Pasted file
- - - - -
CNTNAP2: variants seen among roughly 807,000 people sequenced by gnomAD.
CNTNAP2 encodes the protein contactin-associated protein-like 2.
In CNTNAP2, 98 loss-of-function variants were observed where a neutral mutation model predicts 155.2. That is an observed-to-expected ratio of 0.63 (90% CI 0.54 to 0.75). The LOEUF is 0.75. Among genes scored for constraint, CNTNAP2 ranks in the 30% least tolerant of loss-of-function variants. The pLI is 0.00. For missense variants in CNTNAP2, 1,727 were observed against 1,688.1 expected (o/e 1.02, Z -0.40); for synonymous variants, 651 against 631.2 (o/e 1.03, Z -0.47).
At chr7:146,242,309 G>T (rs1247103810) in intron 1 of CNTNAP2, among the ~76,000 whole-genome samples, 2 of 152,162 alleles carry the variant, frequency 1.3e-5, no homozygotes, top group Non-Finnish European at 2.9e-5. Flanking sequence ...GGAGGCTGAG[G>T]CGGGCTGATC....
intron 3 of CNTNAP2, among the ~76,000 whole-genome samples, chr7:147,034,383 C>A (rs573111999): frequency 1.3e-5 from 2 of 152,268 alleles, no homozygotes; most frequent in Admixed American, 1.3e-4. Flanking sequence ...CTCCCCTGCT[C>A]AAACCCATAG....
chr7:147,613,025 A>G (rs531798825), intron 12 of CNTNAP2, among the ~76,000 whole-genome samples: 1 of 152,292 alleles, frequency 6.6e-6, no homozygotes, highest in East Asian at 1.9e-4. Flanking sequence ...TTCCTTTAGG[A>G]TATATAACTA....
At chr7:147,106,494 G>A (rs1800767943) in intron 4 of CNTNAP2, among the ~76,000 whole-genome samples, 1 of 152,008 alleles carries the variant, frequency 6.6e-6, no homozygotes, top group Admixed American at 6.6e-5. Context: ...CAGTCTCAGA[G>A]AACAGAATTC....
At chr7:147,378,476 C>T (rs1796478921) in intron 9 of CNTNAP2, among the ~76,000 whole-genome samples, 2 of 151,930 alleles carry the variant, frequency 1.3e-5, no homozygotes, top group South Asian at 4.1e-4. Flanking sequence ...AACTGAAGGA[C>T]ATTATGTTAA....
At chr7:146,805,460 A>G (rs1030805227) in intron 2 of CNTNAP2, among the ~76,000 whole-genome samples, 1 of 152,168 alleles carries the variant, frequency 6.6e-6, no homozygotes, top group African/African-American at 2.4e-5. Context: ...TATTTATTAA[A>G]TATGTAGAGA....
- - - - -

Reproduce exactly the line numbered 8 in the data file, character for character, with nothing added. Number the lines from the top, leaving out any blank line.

At chr7:147,378,476 C>T (rs1796478921) in intron 9 of CNTNAP2, among the ~76,000 whole-genome samples, 2 of 151,930 alleles carry the variant, frequency 1.3e-5, no homozygotes, top group South Asian at 4.1e-4. Flanking sequence ...AACTGAAGGA[C>T]ATTATGTTAA....